The city has been working with the county as well, and the next phase is the buildout from the county administration building to the sheriff’s office and jail. Stapleton said originally, the plan of that second phase was a spur off that route to the airport, which would run along Industrial Drive for service to the city shop, as well as bringing service out to the FBO at the airport for the county. But due to cost considerations, she said, the Industrial Drive spur was dropped from the plan.
So the city entered into an indefeasible right of use agreement with Fatbeam, which is also the company contracted to build a $2.8 million, 49-mile infrastructure for the Lake Pend Oreille School District’s Fiber Wide Area Network throughout the district’s 13 locations. The school district’s core buildings in the Ponderay and Sandpoint areas were lit this summer, and the more rural schools will be completed in the spring and summer of 2018. Fatbeam was able to work with the city to obtain some of the infrastructure it had be installing underground over the course of several years, and then the city was able to get some help from Fatbeam for the Industrial Drive area.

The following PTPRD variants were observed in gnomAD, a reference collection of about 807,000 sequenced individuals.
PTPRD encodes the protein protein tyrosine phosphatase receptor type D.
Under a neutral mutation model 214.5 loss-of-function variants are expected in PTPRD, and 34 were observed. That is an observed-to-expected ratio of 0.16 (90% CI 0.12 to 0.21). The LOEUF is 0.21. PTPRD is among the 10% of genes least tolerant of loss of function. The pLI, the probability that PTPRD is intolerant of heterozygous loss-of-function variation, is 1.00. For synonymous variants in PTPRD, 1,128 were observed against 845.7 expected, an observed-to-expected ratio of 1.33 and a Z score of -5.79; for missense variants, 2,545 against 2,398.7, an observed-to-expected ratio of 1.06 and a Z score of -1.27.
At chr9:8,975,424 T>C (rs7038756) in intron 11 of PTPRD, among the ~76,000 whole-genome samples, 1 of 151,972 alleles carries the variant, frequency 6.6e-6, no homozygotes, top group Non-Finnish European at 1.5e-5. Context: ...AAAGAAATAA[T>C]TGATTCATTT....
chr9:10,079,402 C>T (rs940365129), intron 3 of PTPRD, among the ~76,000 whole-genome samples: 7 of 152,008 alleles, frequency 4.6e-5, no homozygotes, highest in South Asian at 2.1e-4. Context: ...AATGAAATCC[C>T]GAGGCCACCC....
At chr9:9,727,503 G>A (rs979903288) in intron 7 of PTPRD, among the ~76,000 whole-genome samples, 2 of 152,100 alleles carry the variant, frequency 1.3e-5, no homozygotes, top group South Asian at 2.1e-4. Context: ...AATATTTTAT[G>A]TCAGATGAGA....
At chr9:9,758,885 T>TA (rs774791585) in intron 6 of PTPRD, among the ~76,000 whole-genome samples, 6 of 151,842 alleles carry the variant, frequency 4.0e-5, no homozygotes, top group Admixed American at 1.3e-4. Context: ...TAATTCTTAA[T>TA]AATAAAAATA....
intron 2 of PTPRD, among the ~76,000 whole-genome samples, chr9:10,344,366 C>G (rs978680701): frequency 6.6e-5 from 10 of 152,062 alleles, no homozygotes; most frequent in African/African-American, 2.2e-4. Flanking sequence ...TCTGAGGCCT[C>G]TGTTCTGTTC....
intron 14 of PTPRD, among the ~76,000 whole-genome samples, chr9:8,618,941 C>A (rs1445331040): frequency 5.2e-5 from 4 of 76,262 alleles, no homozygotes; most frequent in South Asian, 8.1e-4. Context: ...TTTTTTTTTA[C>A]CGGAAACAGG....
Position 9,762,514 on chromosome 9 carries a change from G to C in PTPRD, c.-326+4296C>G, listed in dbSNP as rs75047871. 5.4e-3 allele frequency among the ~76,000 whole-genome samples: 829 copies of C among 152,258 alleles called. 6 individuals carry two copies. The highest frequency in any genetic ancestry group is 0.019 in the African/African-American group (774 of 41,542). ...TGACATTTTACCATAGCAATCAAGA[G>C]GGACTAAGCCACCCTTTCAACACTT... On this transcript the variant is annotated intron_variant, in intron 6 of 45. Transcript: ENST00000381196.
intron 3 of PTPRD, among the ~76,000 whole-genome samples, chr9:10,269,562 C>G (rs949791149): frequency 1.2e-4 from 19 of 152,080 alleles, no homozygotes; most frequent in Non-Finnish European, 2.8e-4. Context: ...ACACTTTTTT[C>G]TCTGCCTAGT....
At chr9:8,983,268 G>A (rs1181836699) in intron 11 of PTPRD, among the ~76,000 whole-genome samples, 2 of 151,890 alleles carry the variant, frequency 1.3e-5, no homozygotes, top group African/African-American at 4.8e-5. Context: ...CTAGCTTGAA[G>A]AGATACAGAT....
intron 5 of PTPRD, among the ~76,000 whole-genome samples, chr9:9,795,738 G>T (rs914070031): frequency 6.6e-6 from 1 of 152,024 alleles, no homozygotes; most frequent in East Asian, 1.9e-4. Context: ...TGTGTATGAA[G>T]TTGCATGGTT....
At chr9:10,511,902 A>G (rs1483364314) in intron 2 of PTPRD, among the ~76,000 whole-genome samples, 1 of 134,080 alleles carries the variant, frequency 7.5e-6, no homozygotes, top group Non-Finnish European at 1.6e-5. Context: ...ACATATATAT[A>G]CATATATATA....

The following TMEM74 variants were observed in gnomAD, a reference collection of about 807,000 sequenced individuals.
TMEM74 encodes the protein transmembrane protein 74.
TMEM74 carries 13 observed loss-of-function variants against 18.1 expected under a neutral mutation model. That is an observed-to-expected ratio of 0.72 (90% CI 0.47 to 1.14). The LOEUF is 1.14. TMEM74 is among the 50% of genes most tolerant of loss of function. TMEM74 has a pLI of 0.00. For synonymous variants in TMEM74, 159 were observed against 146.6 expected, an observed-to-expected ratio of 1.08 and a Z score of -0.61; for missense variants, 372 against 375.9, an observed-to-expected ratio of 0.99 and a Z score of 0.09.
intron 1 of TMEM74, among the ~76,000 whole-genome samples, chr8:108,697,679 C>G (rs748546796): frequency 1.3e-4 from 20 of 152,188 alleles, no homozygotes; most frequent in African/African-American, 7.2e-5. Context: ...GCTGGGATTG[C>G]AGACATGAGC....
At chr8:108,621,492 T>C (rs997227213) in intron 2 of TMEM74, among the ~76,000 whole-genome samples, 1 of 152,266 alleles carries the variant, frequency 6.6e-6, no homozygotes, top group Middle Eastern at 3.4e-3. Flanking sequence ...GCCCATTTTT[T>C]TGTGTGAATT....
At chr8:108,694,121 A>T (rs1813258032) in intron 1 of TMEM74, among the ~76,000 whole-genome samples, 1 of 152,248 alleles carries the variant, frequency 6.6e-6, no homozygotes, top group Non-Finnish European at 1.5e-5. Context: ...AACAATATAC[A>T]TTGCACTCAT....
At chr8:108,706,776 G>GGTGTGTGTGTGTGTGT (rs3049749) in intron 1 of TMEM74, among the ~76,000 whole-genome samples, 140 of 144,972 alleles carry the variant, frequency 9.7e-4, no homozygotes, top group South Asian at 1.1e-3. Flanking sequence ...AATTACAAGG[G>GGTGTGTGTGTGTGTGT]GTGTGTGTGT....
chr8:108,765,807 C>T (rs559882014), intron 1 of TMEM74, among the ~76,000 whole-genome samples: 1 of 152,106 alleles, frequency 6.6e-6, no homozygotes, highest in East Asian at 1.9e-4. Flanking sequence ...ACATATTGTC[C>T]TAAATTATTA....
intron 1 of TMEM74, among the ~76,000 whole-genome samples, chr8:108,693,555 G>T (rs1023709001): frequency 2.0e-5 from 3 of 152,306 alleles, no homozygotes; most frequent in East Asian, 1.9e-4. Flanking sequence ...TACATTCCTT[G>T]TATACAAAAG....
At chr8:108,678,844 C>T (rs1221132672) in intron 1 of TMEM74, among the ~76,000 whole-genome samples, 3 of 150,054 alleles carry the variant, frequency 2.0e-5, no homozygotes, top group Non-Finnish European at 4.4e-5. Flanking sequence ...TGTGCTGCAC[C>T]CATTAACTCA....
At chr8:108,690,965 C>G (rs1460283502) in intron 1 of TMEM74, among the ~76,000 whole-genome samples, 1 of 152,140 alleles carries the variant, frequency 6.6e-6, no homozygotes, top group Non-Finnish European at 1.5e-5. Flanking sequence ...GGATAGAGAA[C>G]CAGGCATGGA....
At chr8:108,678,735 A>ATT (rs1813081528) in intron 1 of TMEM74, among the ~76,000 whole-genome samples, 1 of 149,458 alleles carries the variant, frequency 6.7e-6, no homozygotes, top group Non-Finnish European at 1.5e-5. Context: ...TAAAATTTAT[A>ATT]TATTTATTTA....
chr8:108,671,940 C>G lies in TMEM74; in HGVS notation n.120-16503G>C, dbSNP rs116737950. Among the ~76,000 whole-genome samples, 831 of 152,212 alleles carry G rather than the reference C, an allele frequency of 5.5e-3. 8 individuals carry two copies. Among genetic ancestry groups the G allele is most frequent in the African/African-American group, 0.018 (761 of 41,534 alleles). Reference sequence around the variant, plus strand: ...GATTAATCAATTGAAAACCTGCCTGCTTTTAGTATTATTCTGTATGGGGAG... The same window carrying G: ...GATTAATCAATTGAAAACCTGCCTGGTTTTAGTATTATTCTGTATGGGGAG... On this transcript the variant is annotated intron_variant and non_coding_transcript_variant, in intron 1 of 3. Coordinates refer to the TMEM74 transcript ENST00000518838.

Stapleton said the city had about $20,000 left in funding allocated through SURA, and city crews dug the spur down Industrial Drive to the city shop. Fatbeam then came in and pulled the wire and a product called MaxCell through the conduit to hook up the shop, extending the service to Tamarack and Timberline.
“It was a good example of where we were really able to work in a public/private partnership model to get the services we needed to provide better service delivery to our citizens via the city, but also to get that commercial service out to the businesses at a lower cost, and in an expedited fashion,” Stapleton said. “Also, this is a perfect example of how critical the fiber infrastructure is, and the improved bandwidth is for the business in our area in retaining our jobs and retaining our businesses in the community.”